The shearing of the sample can be roughly divided into five steps: shear box position fixing, vertical precontact, horizontal precontact, vertical loading, and horizontal shearing.

(1) Shear Box Position Fixing. The shear box on the roller row with a lifting cantilever is lifted, and the shear box is pushed onto the axis position along the roller row track in a line with the axis of the axial jack. The two tension rods connected with the horizontal reaction beam are lowered, and the lower shear box with the horizontal reaction beam is connected to form a reaction system. The above ensures that the upper shear box is still and the lower shear box moves horizontally backwards during the shearing process. Then, the slit ring and the retaining pin are taken out, and four vertical displacement sensors and one horizontal displacement sensor are installed.

(2) Vertical Precontact. The high-pressure nitrogen cylinder switch is opened, and the vertical cylinder is hit to the loading position. Then, the stress output and vertical oil supply knob are opened in the control system, and the oil pump is opened. Until the pointer on the vertical pressure gauge is between 1 and 2 MPa, the vertical oil supply knob and oil pump are closed. The load output and pressure lift knobs are opened, and the vertical Jack begins to descend slowly. And then, the load output knob is closed and the vertical precontact is completed, when the vertical jack contacts the power column visually or the vertical load shown on the computer is positive.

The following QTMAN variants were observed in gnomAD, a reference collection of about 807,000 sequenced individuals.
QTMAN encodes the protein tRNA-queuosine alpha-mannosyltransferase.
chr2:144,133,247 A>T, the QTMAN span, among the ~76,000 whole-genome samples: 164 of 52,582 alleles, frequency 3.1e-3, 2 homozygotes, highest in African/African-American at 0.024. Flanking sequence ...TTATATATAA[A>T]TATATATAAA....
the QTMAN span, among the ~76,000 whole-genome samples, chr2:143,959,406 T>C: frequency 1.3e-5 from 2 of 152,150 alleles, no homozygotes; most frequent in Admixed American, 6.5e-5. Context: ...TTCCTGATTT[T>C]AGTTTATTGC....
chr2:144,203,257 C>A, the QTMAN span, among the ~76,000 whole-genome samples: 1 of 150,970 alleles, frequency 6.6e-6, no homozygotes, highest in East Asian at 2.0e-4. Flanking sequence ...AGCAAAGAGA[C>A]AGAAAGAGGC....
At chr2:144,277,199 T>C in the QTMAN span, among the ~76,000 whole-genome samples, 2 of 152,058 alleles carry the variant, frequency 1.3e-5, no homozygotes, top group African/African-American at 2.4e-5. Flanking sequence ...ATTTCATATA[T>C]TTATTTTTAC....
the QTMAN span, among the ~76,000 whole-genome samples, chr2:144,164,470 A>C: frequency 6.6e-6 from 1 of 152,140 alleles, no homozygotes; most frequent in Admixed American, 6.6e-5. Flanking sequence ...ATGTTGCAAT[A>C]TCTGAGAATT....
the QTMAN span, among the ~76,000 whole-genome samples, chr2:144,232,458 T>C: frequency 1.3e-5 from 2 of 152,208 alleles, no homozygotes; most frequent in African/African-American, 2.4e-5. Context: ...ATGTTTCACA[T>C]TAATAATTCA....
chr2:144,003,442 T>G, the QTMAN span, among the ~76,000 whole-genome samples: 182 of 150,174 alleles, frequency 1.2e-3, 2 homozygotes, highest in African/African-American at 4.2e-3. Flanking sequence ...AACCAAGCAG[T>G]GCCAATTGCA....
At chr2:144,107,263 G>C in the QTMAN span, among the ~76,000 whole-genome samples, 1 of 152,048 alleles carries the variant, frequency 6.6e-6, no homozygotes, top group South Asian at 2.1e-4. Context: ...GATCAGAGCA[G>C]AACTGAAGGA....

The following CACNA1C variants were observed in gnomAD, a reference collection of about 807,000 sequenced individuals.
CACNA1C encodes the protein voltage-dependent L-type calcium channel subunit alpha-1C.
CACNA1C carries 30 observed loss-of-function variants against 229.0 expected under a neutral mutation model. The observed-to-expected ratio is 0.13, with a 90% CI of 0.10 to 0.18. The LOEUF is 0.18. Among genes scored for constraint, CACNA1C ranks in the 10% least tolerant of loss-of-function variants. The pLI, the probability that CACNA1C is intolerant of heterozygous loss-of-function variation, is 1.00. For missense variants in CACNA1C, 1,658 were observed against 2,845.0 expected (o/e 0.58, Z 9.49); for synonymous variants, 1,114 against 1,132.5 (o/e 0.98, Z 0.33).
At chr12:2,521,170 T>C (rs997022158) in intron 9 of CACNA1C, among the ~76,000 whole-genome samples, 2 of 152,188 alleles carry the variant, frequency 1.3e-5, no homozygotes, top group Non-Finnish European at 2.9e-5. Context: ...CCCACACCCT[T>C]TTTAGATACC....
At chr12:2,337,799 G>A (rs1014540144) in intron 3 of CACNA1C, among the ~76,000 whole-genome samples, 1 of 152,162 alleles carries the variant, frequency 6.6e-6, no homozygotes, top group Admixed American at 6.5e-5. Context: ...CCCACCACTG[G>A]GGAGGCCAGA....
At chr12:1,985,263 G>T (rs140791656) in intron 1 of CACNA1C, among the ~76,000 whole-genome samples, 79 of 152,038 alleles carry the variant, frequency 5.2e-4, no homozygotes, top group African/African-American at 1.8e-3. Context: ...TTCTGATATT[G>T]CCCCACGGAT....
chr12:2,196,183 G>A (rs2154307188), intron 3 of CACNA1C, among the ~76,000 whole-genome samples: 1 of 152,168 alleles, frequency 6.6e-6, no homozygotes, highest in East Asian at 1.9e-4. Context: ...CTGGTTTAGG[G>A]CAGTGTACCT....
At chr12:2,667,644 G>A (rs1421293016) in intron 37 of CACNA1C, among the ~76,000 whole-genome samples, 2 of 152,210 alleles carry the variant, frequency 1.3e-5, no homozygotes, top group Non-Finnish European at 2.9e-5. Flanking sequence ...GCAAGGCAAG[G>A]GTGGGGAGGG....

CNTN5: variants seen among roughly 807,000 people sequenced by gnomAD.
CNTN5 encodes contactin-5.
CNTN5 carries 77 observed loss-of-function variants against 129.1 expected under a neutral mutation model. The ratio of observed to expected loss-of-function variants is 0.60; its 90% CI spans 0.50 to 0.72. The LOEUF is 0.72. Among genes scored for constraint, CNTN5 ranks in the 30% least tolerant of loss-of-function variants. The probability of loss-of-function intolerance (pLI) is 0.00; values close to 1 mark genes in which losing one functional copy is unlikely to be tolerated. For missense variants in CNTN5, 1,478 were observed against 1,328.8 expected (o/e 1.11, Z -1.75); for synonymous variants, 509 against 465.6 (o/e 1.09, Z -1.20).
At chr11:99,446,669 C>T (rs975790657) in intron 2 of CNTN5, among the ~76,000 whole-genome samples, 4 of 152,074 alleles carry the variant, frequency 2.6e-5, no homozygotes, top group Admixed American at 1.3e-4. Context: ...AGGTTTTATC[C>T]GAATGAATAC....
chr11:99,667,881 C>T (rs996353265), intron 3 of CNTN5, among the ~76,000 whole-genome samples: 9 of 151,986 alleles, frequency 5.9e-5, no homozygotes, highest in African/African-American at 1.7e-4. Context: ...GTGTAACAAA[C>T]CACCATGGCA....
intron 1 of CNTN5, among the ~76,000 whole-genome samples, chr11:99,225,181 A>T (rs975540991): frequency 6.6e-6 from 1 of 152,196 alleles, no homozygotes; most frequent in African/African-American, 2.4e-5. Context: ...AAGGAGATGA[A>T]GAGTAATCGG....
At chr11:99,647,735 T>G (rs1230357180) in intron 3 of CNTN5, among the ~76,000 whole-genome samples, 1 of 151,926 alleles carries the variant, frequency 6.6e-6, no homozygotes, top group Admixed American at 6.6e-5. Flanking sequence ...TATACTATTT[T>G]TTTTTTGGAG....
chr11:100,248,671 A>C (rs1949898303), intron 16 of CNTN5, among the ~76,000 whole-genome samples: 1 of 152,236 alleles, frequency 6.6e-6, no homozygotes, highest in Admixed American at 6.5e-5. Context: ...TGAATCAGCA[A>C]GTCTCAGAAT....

(3) Horizontal Precontact. The horizontal cylinder is placed in the loading position, and then, the strain-type output knob is opened. The shear speed is adjusted to maximum, and the oil pump is opened. At this time, the upper shear box is still and the lower shear box is loaded horizontally. When the horizontal load is more than 1 kN, the horizontal contact is completed. Then, the oil pump, the horizontal cylinder, and the strain output knob are closed, and the shear speed adjustment knob is reset to zero.

(4) Vertical Loading. Different vertical loads (200 kPa, 400 kPa, 600 kPa, and 800 kPa) are applied to the samples according to the test plan design. First data acquisition software is open, and the automatic test is clicked to start. Then, “vertical load” is clicked, as shown in Figure 4. Finally, the vertical cylinder is unloaded by the control system, and the load output and pressure drop knobs are opened until the vertical pressure gauge pointer returns to zero. The vertical cylinder is driven to the loading position, and the pressure lift knob is opened. From the computer, the vertical load increases continuously. Until it reaches the designed vertical load, the loading is finished. The shear does not begin until a predetermined vertical load has been applied and the axial deformation is less than 0.03 mm h−1.